Journal of Democracy October 2021: Russia’s Road to Autocracy, How Authoritarians Win When They Lose, and Political Violence in the United States

Amid declining popularity, Putin and his regime are cracking down harder than ever. But 30 years ago, with the collapse of the Soviet Union, Russia was an aspiring democracy. How did it wind up an authoritarian power all over again?

Plus: Political violence is on the rise in the United States, and the number of people who think it justified is growing; and among the many ills afflicting Western democracies is the splintering of political authority.

Read the Journal of Democracy’s October 2021 issue, available for free on Project MUSE through November 18. 

  • Michael McFaul, former U.S. ambassador to Russia, follows the country’s path since the collapse of Soviet rule—from fledgling democracy to Putin’s “managed democracy” to full-blown autocracy—detailing the factors and personalities that shaped its return to authoritarianism.
  • Political violence in the United States is not new, but it is escalating today. Rachel Kleinfeld explains how the threats have changed and what makes the United States particularly vulnerable to more violence.
  • Rick Pildes argues that political fragmentation is undermining effective government in Western democracies. As the power to make and influence policy becomes more diffuse, legislatures and political parties are becoming more dysfunctional.

Also in this issue:

  • Indonesia’s President Joko Widodo has sidelined democracy for the sake of his development-first vision, argue Saiful Mujani and R. William Liddle. Can electoral democracy survive?
  • Sultan Tepe and Ayça Alemdaroğlu examine the latest strategy of Turkey’s ruling party to grab power at the local level: criminalizing opposition winners, dismissing them from office, and replacing them with state-appointed trustees.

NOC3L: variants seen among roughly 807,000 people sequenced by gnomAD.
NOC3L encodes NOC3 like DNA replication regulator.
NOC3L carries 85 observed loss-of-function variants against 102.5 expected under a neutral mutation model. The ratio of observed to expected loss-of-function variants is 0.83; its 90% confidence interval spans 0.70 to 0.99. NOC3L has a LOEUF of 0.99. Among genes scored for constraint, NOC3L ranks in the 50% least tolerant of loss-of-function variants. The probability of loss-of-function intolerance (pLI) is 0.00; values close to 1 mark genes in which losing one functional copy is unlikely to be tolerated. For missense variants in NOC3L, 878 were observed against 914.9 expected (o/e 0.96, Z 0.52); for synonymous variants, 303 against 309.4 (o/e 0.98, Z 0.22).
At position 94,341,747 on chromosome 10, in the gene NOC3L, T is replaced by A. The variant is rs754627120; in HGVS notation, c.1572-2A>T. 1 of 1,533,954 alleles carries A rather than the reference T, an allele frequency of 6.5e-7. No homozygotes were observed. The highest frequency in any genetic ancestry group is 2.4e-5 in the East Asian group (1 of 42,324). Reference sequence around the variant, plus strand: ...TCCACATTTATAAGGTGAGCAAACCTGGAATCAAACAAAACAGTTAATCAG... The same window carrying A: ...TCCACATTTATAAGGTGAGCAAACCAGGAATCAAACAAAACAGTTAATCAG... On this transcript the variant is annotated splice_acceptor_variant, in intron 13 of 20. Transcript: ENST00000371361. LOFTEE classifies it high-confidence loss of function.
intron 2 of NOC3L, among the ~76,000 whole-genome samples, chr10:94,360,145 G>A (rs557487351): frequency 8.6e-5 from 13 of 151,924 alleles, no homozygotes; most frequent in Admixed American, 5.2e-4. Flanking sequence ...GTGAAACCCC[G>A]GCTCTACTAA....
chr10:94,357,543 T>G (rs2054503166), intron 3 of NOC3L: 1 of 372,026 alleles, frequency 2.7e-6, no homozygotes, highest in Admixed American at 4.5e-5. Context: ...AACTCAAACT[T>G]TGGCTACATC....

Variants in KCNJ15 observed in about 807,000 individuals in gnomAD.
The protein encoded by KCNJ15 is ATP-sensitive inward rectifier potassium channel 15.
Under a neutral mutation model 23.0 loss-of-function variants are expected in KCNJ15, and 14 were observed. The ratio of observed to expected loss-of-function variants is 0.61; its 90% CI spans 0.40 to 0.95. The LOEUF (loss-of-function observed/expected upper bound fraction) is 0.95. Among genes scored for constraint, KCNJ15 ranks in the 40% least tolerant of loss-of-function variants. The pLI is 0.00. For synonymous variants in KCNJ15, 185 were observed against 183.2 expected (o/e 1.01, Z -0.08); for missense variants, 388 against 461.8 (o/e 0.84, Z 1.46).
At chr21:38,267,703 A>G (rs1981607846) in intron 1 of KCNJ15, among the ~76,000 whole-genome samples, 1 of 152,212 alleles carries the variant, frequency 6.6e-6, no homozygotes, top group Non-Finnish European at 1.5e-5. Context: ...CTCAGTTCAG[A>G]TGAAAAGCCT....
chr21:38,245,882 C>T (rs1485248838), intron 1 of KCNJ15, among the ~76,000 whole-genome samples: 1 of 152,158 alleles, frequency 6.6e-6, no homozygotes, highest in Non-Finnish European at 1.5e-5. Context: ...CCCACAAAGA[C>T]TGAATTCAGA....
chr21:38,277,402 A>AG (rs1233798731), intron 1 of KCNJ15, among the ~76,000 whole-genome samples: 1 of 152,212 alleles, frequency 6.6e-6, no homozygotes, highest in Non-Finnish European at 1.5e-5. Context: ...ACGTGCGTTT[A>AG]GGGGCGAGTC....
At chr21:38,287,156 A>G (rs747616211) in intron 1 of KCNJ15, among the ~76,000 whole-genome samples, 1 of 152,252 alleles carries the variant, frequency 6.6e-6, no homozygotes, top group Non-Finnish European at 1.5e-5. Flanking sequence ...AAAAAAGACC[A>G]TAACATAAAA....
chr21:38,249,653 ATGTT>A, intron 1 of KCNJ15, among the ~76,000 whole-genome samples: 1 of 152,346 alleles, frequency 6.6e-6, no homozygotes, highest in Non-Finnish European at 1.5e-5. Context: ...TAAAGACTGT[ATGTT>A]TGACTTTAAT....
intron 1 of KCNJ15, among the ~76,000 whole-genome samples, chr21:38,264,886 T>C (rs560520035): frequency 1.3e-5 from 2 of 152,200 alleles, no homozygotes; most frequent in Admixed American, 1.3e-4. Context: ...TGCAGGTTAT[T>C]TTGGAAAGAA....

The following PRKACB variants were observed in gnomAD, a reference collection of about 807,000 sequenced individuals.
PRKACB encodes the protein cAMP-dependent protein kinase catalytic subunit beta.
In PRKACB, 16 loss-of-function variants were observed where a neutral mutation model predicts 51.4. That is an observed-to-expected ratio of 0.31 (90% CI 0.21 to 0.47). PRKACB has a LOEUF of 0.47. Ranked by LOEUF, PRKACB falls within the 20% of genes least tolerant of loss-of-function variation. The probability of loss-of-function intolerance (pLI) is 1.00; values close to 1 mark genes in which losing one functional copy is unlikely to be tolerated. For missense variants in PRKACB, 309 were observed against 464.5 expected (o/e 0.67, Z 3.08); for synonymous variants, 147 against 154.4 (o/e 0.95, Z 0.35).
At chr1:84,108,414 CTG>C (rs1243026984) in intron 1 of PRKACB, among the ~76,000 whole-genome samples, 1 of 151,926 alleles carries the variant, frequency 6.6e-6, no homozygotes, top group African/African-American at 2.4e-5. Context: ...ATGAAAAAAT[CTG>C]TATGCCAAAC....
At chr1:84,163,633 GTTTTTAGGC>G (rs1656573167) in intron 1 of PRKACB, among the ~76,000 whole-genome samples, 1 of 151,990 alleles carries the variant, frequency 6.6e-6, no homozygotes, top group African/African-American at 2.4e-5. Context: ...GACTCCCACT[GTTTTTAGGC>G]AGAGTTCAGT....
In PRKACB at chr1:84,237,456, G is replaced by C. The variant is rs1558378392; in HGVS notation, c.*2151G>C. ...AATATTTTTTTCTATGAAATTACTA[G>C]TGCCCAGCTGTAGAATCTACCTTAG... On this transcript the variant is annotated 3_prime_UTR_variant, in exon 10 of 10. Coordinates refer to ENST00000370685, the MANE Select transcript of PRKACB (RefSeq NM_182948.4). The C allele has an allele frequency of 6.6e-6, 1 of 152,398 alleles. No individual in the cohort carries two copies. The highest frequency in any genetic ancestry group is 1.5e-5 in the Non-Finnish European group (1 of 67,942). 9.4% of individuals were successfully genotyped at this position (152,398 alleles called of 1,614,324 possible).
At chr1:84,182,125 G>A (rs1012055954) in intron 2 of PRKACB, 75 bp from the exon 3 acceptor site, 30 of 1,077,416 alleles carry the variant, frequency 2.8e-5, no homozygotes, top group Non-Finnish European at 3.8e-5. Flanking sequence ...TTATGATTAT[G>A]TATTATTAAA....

• Sharan Grewal analyzes why, after mass uprisings toppled longtime dictators in Algeria and Sudan, one country succeeded in its democratic transition while the other failed.
  • Kurt Weyland explains how the strain of populism dominating Latin America today is more damaging than in the past, as the rule of charismatic leaders not only polarizes the population but also keeps opposition forces divided and political parties weak.
  • Taking stock of Mexico midway through AMLO’s presidency, Mariano Sánchez-Talanquer and Kenneth Greene show how the president’s populist movement combined with Mexico’s weak and poorly performing institutions is eroding the party system and political representation.
  • If democracy is so popular, why is it in so much trouble? Using survey data from 72 societies, Jie Lu and Yun-han Chu find that while publics in many democracies prioritize democratic principles, there is widespread willingness to trade them for short-term gains.
  • Wouter van der Brug and his coauthors find that support for liberal-democratic norms is dangerously malleable: A Europe-wide study shows that voters are willing to shed these norms when their party is in power, especially on the far right.
  • Stephan Haggard and Robert Kaufman diagram the anatomy of democratic backsliding, locating three causal factors—polarization, pliable legislatures, and piecemeal attacks on institutions—in sixteen case studies.


  • Marc F. Plattner reflects on the storied career of Carl Gershman, who stepped down as head of the National Endowment for Democracy in July after nearly four decades.
  • In a review of Debasish Roy Chowdhury and John Keane’s To Kill a Democracy: India’s Passage to Despotism, Šumit Ganguly considers how governance and election issues may be hastening India’s autocratic turn.